Foundations for Systems Development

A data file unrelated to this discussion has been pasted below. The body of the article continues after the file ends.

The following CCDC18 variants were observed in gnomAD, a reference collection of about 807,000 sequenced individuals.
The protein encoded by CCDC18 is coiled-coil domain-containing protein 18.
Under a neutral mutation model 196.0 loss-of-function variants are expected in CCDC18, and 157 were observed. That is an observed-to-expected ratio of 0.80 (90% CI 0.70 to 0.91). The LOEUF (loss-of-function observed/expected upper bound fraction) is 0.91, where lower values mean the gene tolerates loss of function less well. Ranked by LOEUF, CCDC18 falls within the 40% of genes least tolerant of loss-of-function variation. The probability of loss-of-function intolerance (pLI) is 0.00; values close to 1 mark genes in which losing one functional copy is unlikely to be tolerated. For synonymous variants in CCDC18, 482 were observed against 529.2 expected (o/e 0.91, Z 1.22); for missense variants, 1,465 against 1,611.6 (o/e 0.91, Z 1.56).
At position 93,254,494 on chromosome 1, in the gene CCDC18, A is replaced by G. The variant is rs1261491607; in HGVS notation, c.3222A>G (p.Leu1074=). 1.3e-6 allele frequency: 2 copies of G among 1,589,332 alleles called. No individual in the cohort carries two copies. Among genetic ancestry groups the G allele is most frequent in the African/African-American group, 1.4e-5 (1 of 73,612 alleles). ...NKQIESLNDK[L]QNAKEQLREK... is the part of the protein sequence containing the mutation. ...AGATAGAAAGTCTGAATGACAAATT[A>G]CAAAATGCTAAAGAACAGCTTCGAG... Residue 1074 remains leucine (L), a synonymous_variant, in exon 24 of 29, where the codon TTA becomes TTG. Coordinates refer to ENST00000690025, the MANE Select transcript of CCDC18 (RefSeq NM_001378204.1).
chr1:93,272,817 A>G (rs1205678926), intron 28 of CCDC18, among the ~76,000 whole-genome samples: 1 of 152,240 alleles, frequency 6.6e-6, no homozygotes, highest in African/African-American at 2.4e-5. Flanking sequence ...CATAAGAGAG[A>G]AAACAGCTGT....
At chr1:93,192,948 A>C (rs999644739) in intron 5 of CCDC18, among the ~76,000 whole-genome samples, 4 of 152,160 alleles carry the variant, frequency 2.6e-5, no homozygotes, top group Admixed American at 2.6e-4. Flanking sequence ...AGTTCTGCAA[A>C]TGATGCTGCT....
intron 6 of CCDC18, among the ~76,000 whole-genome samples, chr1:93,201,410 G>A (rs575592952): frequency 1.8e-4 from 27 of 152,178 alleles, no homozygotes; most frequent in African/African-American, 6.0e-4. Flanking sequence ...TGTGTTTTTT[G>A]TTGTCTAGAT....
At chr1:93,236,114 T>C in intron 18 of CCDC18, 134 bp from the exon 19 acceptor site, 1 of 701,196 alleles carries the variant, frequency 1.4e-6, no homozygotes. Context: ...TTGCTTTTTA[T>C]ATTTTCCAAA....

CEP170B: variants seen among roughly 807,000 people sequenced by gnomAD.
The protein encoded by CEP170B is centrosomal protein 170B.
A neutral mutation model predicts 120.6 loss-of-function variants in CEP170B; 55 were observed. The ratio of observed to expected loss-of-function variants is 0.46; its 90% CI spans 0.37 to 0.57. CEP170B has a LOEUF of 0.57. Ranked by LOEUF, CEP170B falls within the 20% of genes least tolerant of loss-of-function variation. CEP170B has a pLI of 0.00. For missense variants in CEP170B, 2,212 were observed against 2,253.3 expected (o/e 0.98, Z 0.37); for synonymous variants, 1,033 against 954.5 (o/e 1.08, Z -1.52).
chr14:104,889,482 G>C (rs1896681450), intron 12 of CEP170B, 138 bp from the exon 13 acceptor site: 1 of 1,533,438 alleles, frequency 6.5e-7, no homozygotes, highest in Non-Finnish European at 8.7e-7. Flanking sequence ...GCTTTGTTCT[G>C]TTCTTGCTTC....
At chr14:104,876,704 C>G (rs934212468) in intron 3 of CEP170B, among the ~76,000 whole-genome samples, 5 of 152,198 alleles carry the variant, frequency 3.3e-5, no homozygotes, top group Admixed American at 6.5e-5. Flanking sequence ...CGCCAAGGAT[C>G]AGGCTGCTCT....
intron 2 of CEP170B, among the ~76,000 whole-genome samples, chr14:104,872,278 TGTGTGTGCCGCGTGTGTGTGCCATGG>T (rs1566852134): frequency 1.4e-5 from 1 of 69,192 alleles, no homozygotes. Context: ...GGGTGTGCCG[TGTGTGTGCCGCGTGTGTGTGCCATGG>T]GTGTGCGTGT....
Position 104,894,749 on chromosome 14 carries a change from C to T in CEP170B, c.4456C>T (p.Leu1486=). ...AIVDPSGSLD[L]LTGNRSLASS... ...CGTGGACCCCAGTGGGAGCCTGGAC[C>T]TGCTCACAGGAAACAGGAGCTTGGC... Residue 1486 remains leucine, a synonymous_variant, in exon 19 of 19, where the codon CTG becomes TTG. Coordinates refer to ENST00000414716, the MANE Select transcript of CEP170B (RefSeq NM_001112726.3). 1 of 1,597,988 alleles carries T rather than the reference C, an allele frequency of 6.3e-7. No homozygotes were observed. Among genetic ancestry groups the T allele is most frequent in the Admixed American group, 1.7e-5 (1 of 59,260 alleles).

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1 Foundations for Systems Development ASSIGNMENT 1 Read this assignment introduction. Then, read Chapter 1, The Systems Development Environment, on pages 2 25 in your textbook. What Is Systems Analysis and Design? Before embarking on a course of study, it s helpful to know what you ll be studying. Information systems analysis and design is the process of developing and maintaining an information system, and it s widely used in enterprise organizations to improve the systems that create and control the data that run daily business operations. To achieve maximum efficiency and utility, it s best to follow a structured approach. This course will focus on using the systems development life cycle (SDLC) as a conceptual tool. Although the SDLC isn t the only tool available, it s one of the most widely used. Systems Analysis and Design: Core Concepts One aspect of improving organizational systems is creating or acquiring tools and training employees on their use. An integral part of virtually all enterprise systems is application software, which is software designed to process data and support users. Application software, which can range from word processors to database systems, turns data into information, which can then be used to further business objectives. Many types of application software, such as the Microsoft Office suite, can be purchased off the shelf, but some organizations may have detailed, mission-specific requirements that necessitate developing software in-house. L e s s o n 1 9